Although it is an inland city, Atlanta is a thriving shipping center, with Hartsfield International Airport accounting for the largest volume of goods shipped. A Foreign Trade Zone near the airport makes Atlanta an especially attractive destination for international shippers. The city is also served by the CSX and Norfolk Southern rail lines, as well as hundreds of motor freight carriers.

Atlanta Population Profile

City Proper

Population: 396,000
Area: 341.4 sq km (131.8 sq mi)
Ethnic composition: 30% white; 67.1% black; 2.9% other
Nicknames: City of Trees, Capital of the New South

Metropolitan Area

Population: 2,689,000
Area: 15,866 sq km (6,126 sq mi)
World population rank1: 113
Percentage of total US population2: 1%
Average yearly growth rate: 0.7%
Ethnic composition: 71.4% white; 25.8% black; and 2.6% Asian/Pacific Islander


  1. The Atlanta metropolitan area's rank among the world's urban areas.
  2. The percent of the total population of the United States living in the Atlanta metropolitan area.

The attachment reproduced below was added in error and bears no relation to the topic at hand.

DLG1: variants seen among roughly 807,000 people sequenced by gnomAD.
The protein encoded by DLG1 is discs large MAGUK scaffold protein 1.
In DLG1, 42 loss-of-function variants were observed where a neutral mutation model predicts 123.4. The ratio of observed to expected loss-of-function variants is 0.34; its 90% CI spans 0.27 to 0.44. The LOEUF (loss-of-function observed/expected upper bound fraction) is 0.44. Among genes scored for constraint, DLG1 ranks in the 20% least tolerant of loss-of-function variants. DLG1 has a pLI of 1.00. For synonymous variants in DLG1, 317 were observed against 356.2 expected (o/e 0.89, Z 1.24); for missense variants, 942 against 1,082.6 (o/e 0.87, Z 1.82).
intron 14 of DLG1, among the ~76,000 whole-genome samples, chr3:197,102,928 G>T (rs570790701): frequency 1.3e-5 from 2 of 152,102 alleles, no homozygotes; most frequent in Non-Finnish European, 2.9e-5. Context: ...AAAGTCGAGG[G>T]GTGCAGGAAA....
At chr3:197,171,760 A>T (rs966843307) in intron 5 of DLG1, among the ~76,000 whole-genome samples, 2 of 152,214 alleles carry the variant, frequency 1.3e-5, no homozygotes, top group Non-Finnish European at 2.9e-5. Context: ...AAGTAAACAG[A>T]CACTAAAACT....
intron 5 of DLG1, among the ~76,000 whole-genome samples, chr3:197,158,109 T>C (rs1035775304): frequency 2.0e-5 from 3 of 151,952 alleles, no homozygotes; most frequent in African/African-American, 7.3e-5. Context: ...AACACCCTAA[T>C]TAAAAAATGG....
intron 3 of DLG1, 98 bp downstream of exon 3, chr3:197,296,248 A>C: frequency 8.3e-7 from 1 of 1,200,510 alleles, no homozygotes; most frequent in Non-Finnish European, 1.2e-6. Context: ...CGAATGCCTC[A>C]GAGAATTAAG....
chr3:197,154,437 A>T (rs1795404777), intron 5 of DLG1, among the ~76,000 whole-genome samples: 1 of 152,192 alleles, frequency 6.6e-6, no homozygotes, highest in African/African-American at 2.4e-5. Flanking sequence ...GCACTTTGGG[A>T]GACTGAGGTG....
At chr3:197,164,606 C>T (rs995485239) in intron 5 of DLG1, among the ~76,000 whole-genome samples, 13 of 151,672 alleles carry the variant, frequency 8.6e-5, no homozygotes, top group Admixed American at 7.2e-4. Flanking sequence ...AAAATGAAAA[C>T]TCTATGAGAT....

Bus and Commuter Rail Service

Atlanta boasts one of the nation's cutting-edge rapid transit systems, known as MARTA (Metropolitan Atlanta Rapid Transit Authority). The system operates 240 electric rail cars

Atlanta skyline. ()
over 62.7 kilometers (39 miles) of track. Lines running north-south and east-west converge at the Five Points Station in the heart of the city. Bus service is coordinated with the rapid-transit schedule; some 150 bus routes cover a total of 2,413 kilometers (1,500 miles).


Guided sightseeing tours are offered by several tour lines. A variety of specialty tours are offered as well, including a walking tour sponsored by the Atlanta Preservation Center, a tour of the Fox Theatre District, the Historic Downtown Tour focusing on architecture, the Sweet Auburn/MLK District Tour focusing on black history, and a tour of the neighborhood that served as the setting for the play and film Driving Miss Daisy.

7. Government

Atlanta's municipal government vests executive power in its mayor; the legislative function is carried out by an 18-member council, whose members are elected both by individual districts and citywide. Atlanta is also the capital of Georgia and home to its 56-member state senate and 180-member house of representatives and its governor.

19. Tourism

Atlanta's cosmopolitan reputation and thriving business activity bring many visitors to the city, and tourism received a major boost from the 1996 Olympics. In 1995 approximately 495,000 foreign travelers visited the city, ranking it twelfth nationally in this category.